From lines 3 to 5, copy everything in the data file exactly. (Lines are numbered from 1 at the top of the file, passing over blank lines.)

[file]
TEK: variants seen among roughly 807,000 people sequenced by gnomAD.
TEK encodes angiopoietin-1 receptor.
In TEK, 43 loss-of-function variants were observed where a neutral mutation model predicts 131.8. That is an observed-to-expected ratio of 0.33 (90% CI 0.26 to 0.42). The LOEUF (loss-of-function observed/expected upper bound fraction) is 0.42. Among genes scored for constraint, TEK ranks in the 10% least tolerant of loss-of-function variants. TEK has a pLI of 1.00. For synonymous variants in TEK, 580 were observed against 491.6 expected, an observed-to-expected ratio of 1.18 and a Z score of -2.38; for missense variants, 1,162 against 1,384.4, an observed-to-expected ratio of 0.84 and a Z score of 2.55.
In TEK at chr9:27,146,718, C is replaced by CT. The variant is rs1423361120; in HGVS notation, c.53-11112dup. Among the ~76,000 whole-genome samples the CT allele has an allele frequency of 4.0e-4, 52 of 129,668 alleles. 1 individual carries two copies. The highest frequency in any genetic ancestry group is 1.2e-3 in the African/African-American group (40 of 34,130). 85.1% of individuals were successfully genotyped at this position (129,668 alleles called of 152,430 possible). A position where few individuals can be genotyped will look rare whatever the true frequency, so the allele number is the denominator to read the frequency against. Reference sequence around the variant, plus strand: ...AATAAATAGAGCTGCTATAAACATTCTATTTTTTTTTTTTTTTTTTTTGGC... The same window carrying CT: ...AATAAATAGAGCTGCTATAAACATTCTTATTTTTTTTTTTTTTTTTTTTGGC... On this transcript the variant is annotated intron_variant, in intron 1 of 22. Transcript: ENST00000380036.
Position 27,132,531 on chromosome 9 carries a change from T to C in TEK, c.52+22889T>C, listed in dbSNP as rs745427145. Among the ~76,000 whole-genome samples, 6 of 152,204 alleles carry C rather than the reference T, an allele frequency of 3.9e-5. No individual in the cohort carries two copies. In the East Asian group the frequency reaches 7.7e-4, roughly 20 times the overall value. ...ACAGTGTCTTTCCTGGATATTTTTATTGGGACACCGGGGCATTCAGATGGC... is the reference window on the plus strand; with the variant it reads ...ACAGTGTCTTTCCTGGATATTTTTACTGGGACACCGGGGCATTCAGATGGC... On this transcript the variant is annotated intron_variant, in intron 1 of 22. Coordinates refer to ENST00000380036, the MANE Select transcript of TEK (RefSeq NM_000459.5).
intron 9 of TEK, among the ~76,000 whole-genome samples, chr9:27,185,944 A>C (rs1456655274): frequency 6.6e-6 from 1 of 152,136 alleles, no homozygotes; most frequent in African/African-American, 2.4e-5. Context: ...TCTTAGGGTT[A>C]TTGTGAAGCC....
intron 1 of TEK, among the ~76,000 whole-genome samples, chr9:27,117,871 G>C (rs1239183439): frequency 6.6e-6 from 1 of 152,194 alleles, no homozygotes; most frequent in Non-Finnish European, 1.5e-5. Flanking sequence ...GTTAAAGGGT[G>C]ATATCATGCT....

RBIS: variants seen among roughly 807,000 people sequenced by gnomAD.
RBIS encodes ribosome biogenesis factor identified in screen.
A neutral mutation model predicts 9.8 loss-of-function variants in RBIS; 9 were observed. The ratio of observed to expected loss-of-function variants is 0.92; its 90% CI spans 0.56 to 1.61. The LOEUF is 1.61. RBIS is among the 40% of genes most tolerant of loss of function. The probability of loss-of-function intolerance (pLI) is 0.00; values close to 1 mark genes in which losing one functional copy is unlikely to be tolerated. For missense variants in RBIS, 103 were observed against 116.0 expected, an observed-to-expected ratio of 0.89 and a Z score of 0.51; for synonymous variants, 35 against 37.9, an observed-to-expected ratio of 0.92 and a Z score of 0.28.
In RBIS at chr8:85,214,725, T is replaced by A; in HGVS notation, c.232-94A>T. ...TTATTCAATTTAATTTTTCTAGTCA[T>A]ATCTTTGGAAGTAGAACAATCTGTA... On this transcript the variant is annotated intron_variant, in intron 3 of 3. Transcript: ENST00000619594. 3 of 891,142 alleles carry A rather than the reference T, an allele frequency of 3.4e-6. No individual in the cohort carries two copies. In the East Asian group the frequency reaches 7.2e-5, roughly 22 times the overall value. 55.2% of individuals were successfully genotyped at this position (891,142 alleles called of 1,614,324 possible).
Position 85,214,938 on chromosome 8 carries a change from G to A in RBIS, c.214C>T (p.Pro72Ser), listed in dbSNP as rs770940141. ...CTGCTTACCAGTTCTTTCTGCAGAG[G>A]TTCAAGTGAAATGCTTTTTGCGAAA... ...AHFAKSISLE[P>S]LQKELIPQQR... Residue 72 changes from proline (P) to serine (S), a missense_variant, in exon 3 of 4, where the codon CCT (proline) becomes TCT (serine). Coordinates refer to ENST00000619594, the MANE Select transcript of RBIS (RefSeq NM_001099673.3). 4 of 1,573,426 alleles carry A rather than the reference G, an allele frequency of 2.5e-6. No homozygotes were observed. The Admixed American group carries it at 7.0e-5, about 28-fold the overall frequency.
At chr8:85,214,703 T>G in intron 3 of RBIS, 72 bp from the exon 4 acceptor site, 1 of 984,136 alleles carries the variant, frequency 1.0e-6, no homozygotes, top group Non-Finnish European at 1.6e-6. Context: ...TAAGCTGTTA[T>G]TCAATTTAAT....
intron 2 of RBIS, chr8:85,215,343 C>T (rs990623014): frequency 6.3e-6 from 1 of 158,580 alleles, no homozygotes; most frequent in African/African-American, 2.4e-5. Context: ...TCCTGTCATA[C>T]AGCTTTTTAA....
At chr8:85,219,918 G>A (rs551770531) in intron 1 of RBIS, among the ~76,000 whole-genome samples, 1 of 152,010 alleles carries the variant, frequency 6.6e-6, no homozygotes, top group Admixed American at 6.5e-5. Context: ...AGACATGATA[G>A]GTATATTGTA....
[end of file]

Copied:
In TEK, 43 loss-of-function variants were observed where a neutral mutation model predicts 131.8. That is an observed-to-expected ratio of 0.33 (90% CI 0.26 to 0.42). The LOEUF (loss-of-function observed/expected upper bound fraction) is 0.42. Among genes scored for constraint, TEK ranks in the 10% least tolerant of loss-of-function variants. TEK has a pLI of 1.00. For synonymous variants in TEK, 580 were observed against 491.6 expected, an observed-to-expected ratio of 1.18 and a Z score of -2.38; for missense variants, 1,162 against 1,384.4, an observed-to-expected ratio of 0.84 and a Z score of 2.55.
In TEK at chr9:27,146,718, C is replaced by CT. The variant is rs1423361120; in HGVS notation, c.53-11112dup. Among the ~76,000 whole-genome samples the CT allele has an allele frequency of 4.0e-4, 52 of 129,668 alleles. 1 individual carries two copies. The highest frequency in any genetic ancestry group is 1.2e-3 in the African/African-American group (40 of 34,130). 85.1% of individuals were successfully genotyped at this position (129,668 alleles called of 152,430 possible). A position where few individuals can be genotyped will look rare whatever the true frequency, so the allele number is the denominator to read the frequency against. Reference sequence around the variant, plus strand: ...AATAAATAGAGCTGCTATAAACATTCTATTTTTTTTTTTTTTTTTTTTGGC... The same window carrying CT: ...AATAAATAGAGCTGCTATAAACATTCTTATTTTTTTTTTTTTTTTTTTTGGC... On this transcript the variant is annotated intron_variant, in intron 1 of 22. Transcript: ENST00000380036.
Position 27,132,531 on chromosome 9 carries a change from T to C in TEK, c.52+22889T>C, listed in dbSNP as rs745427145. Among the ~76,000 whole-genome samples, 6 of 152,204 alleles carry C rather than the reference T, an allele frequency of 3.9e-5. No individual in the cohort carries two copies. In the East Asian group the frequency reaches 7.7e-4, roughly 20 times the overall value. ...ACAGTGTCTTTCCTGGATATTTTTATTGGGACACCGGGGCATTCAGATGGC... is the reference window on the plus strand; with the variant it reads ...ACAGTGTCTTTCCTGGATATTTTTACTGGGACACCGGGGCATTCAGATGGC... On this transcript the variant is annotated intron_variant, in intron 1 of 22. Coordinates refer to ENST00000380036, the MANE Select transcript of TEK (RefSeq NM_000459.5).